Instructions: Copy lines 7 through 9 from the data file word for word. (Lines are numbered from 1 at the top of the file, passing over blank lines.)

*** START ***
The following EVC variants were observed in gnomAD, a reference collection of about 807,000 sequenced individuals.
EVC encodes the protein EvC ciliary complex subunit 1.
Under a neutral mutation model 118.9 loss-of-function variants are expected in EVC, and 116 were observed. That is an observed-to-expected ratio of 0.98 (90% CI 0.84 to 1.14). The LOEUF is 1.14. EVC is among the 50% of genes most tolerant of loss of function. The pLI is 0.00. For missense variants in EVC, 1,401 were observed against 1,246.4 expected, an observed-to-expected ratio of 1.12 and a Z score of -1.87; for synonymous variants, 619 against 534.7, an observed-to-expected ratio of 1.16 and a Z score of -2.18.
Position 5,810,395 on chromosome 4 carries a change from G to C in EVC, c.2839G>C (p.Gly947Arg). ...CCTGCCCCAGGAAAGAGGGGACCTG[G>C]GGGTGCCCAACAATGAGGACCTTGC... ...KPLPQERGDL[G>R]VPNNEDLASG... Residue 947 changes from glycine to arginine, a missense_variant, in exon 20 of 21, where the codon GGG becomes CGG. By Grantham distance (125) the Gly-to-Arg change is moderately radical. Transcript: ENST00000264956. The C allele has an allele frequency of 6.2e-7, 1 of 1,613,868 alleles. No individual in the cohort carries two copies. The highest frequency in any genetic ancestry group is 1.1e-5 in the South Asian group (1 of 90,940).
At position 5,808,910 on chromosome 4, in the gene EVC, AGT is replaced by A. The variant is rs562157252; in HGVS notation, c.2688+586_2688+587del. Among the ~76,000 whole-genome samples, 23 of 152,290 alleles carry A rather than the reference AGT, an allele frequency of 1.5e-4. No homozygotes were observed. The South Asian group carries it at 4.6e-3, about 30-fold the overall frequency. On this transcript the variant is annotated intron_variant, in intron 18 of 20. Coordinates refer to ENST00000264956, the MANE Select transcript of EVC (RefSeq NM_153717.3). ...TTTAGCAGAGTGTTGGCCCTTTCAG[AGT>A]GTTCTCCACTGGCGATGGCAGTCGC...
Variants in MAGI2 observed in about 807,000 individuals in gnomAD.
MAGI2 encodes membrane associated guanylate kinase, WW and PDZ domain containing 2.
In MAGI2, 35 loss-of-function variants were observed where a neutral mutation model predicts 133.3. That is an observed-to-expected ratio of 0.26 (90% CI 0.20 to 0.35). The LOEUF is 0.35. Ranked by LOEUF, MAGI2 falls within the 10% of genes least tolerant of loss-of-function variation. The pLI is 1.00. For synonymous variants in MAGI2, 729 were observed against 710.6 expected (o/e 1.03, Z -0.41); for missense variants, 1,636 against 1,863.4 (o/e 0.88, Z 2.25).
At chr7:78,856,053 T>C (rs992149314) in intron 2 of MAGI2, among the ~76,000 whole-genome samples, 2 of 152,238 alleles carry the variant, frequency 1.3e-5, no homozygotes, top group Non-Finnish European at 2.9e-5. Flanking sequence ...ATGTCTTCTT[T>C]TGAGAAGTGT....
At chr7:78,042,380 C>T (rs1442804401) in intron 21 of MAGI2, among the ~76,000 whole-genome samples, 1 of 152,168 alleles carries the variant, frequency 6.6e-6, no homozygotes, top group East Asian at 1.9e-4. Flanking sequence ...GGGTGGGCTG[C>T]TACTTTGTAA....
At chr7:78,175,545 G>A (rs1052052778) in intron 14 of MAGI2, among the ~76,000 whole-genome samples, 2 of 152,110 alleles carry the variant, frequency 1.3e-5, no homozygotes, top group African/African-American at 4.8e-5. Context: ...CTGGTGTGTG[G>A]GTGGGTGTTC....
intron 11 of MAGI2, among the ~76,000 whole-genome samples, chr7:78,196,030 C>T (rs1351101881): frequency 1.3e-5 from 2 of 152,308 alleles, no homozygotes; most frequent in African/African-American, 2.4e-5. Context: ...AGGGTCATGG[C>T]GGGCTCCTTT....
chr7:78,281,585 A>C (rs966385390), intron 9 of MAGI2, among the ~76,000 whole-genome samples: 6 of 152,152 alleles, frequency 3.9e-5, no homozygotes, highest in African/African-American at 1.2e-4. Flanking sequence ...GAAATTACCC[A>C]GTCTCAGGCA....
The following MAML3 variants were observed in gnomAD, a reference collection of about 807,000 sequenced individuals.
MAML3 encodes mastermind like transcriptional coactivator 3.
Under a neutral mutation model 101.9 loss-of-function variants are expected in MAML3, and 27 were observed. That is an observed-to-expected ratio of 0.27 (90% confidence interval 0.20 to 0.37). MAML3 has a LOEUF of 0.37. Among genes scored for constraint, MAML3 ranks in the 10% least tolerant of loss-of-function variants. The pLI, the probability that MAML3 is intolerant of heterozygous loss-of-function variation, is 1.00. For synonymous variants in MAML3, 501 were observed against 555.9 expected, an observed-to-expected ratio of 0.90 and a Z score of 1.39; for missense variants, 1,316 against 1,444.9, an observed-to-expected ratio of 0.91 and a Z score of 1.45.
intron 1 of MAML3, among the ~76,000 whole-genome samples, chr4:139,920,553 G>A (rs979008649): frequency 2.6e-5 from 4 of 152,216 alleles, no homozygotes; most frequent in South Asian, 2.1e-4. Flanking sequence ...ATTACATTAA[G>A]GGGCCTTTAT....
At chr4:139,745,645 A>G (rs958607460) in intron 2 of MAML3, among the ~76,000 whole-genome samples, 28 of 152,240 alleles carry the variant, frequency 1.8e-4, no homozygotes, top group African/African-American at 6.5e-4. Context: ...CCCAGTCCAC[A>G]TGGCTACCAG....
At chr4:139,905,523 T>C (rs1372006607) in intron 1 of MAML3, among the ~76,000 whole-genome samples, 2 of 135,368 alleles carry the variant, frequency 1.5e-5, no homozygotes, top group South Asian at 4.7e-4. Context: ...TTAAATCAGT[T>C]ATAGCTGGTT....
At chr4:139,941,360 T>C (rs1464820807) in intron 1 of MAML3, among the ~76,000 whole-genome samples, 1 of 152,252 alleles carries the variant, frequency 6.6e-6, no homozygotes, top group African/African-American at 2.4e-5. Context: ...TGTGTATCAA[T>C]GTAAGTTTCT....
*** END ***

MAGI2 encodes membrane associated guanylate kinase, WW and PDZ domain containing 2.
In MAGI2, 35 loss-of-function variants were observed where a neutral mutation model predicts 133.3. That is an observed-to-expected ratio of 0.26 (90% CI 0.20 to 0.35). The LOEUF is 0.35. Ranked by LOEUF, MAGI2 falls within the 10% of genes least tolerant of loss-of-function variation. The pLI is 1.00. For synonymous variants in MAGI2, 729 were observed against 710.6 expected (o/e 1.03, Z -0.41); for missense variants, 1,636 against 1,863.4 (o/e 0.88, Z 2.25).
At chr7:78,856,053 T>C (rs992149314) in intron 2 of MAGI2, among the ~76,000 whole-genome samples, 2 of 152,238 alleles carry the variant, frequency 1.3e-5, no homozygotes, top group Non-Finnish European at 2.9e-5. Flanking sequence ...ATGTCTTCTT[T>C]TGAGAAGTGT....